• The CT scan technologist will watch you through a window during the procedure. You can communicate with the technologist through an intercom.
  • You should inform the technologist if you experience any problems during the scan. The entire procedure takes about 30 to 60 minutes.

Post-Procedural Care

You can return to your normal routine after the procedure. If a contrast dye was used, you will be instructed to drink plenty of fluids to flush out the dye from the body. In some cases, you may have to wait for an hour to make sure you feel okay after the scan.

Nursing mothers should wait for 24 hours after a scan using a contrast dye before resuming breastfeeding.

Risks & Complications

As with any procedure, a CT scan involves minor risks and complications.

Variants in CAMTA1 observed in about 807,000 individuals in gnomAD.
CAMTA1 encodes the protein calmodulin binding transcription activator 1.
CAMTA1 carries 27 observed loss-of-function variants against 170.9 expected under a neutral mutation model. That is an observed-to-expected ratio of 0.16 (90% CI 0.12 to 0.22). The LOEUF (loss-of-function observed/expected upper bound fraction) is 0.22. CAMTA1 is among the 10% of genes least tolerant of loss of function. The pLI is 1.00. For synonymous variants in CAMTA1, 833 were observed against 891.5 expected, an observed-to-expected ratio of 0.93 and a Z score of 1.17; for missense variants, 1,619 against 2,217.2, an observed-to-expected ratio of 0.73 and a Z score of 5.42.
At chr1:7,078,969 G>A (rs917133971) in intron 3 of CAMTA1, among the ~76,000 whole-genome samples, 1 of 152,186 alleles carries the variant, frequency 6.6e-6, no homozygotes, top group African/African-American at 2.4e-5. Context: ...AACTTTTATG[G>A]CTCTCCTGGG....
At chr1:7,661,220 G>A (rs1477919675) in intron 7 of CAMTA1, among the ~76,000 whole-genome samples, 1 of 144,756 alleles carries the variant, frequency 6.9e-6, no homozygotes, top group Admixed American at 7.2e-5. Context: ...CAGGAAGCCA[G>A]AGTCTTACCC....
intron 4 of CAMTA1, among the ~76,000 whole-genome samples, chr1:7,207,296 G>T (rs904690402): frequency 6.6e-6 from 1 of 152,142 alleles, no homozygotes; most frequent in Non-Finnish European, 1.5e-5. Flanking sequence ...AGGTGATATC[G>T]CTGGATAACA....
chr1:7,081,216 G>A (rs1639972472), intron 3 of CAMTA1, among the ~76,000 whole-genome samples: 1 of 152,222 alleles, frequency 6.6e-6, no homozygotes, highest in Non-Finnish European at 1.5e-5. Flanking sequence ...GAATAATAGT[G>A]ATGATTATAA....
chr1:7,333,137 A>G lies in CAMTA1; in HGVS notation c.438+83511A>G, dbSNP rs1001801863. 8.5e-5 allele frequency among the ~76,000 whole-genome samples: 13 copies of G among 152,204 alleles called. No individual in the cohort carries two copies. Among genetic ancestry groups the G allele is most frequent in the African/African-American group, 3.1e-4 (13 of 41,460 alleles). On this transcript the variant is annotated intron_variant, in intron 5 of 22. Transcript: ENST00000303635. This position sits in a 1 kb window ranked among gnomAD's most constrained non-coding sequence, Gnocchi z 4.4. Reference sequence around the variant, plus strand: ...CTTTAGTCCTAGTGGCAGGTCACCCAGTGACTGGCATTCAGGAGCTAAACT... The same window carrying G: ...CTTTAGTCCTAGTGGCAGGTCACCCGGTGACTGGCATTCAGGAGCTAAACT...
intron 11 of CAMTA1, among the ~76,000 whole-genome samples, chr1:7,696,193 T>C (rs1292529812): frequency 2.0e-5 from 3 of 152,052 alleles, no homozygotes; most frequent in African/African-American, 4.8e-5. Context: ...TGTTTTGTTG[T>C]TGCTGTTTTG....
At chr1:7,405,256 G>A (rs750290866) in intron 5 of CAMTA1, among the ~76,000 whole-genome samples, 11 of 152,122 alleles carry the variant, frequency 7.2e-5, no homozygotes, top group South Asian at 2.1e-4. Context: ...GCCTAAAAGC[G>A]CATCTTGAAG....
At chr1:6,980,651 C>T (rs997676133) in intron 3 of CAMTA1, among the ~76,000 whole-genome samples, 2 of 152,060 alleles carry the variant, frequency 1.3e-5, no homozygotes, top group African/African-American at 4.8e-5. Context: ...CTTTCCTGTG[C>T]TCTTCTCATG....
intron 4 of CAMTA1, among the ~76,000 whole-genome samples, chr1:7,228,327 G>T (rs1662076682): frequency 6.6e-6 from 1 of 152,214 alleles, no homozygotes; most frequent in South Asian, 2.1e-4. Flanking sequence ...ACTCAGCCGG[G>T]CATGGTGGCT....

• Doctors do not generally recommend CT Scans without a good medical reason as there is far more X-ray exposure than is involved in ordinary X-rays. There must be a diagnostic benefit to performing a CT scan, for the risk of x-ray expose to be justified.
  • Pregnant women should not have a CT scan as there is a small risk that X-rays may cause abnormality to the unborn child.
  • The contrast dye used in CT Scans often contains iodine, which can cause allergic reaction in some patients.
  • Also, the dye may cause some kidney damage to people who already have kidney problems.

MRI Scan

MRI or magnetic resonance imaging scan is an imaging test that creates pictures of internal body structures (bones and soft tissues) with the help of magnetic fields and radio waves.

The MRI can also be combined with other imaging techniques to provide a more definitive diagnosis. The scan is often used to clarify findings from previous X-rays or CT scans.


MRI scans provide information on a variety of conditions and procedures and to assess function of the internal organs such as:

  • Brain and spinal cord abnormalities